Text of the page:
Tim Russert suffered a fatal heart attack at age 58, shocking the country. He recently passed a stress test, so how could this happen? In a post Dr. Fuhrman explains why stress tests fail to determine heart attack risk. Here’s an excerpt:
A stress test is not an accurate test for determining the risk of a heart attack. A stress test only identifies obstructions, it doesn't identify vulnerable plaque—the plaque that is likely to throw a clot. A stress test can only detect a blockage of more than 80% and the propensity of plaque to rupture has nothing to do with the amount of obstruction…Now, Jane E. Brody of The New York Times talks to Dr. Todd D. Miller, a cardiologist and co-director of the Mayo Clinic’s Nuclear Cardiology Laboratory in Rochester, Minn., about the shortcomings of stress tests. Take a look:
…Stress tests are big money-makers for doctors. They identify those people with large blockages who qualify as candidates for costly angioplasty or bypass surgery. However, drugs and medical procedures reduce risk only slightly.
Mr. Russert’s treadmill test may have put him in the low-risk category, Dr. Miller said, “but that doesn’t mean no risk.”Criticism for stress tests is not new. In 2007, Karen Dente, M.D., a medical journalist based in Brooklyn, New York, stated that as stress-testing and coronary angiograms may no longer be the true gold standard for detecting coronary stenosis. Via Medscape:
“Maybe 3 patients in 1,000 with a low-risk test will die from heart disease within a year,” he said. “Among those deemed at high risk, more than 3 patients in 100 would die within a year.”
Furthermore, when the stress test is used for people who are at low risk for heart disease, an abnormal finding is most often a false positive that prompts further testing that is far more costly, Dr. Miller said.
The stress test’s main advantages are its rapidity and low cost — one-fifth to one-quarter the cost of more definitive and often more time-consuming tests like a nuclear stress test, CT coronary angiogram or standard angiogram. Medicare pays about $150 for a standard stress test, though hospitals typically charge three to four times that when the test is done on younger patients.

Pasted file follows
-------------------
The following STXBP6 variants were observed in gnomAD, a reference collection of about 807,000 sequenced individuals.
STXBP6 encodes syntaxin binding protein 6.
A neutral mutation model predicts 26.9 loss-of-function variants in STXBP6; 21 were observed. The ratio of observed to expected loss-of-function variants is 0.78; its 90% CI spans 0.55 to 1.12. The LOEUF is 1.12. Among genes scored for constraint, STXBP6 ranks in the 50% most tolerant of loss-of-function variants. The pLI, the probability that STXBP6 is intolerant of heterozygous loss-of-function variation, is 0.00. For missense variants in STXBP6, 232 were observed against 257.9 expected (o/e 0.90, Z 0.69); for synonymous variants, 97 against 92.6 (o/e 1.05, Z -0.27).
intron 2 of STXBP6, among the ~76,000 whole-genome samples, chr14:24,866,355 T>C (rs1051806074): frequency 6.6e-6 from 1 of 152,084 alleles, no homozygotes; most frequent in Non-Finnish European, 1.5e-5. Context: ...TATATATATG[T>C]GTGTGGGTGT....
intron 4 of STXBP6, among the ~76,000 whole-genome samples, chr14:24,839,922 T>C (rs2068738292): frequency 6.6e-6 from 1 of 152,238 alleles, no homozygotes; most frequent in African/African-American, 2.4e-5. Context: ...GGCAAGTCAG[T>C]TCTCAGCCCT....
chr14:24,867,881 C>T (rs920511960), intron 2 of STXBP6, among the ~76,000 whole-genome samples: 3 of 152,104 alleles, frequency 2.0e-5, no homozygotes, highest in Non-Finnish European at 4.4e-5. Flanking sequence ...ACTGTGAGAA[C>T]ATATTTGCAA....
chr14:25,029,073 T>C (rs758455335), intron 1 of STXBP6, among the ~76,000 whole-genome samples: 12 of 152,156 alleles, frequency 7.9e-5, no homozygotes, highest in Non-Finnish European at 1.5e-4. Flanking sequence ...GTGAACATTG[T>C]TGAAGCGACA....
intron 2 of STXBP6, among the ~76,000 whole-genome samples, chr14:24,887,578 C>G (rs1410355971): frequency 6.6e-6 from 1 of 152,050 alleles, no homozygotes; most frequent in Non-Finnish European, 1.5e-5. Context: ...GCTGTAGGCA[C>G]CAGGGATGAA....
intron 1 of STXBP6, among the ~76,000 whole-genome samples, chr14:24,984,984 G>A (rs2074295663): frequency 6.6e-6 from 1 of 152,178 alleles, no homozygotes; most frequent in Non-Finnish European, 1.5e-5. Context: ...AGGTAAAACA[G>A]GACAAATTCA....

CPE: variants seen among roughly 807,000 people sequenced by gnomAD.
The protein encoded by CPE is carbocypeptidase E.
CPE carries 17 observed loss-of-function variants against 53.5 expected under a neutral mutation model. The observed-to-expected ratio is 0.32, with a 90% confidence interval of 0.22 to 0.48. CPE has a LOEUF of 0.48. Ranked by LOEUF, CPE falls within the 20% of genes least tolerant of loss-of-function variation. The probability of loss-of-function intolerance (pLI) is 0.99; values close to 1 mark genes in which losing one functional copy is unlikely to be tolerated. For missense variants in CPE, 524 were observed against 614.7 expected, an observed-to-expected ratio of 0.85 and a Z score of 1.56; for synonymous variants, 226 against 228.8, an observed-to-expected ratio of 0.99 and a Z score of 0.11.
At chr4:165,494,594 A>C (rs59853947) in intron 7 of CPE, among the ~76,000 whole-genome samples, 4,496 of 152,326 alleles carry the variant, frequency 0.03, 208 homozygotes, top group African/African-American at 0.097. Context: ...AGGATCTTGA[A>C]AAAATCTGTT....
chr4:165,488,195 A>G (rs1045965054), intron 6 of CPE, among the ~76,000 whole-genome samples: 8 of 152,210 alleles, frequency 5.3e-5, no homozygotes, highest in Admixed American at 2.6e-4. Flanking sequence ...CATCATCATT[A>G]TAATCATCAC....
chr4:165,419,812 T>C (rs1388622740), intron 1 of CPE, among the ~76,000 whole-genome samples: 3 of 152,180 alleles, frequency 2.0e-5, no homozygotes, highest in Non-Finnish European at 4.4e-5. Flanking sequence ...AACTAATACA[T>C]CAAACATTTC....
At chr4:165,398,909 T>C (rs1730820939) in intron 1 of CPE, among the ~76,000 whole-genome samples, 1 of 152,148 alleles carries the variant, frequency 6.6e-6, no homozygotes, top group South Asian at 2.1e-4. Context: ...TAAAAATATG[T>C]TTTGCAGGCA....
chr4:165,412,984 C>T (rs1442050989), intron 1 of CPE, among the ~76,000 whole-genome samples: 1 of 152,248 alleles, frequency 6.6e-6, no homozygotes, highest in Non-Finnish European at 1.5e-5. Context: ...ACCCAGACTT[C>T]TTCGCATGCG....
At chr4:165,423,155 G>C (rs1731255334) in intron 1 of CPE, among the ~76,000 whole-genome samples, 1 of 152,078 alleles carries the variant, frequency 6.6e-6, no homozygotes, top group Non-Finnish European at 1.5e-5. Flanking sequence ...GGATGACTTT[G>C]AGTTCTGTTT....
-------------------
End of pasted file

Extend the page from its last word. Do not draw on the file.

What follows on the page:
"Conventional stress-testing and angiogram gives you no information on whether a plaque is going to rupture," David DuBois, MD, an attendee at the symposium and emergency medicine specialist from Pinehurst, North Carolina, told Medscape. "[With these tests] there are a lot of false-positives and false-negatives," he said.Sadly, this information can’t help Tim Russert, but doctors and patients should now take note that traditional testing procedures might be lulling us into a false sense of security by not revealing crucial life-saving data.
One of the hottest current discussions in the evaluation of acute coronary syndromes is centered around the use of computed tomography coronary angiography. "CT technology is advancing at a very fast rate," said Amal Mattu, MD, associate professor and program director of emergency medicine residency at the University of Maryland, explaining the technology's improved detection in plaque composition and remodeling compared with conventional diagnostic tests.
"If you have a radiologist that can give you an accurate reading with the new 64-head multidetector CT scans, you can detect occlusions better," according to Dr. Dubois. But we are still a long way from having the new technology replace standard coronary angiography for the detection of large coronary stenoses, he said. "It is not going to change the [current] practice any time soon."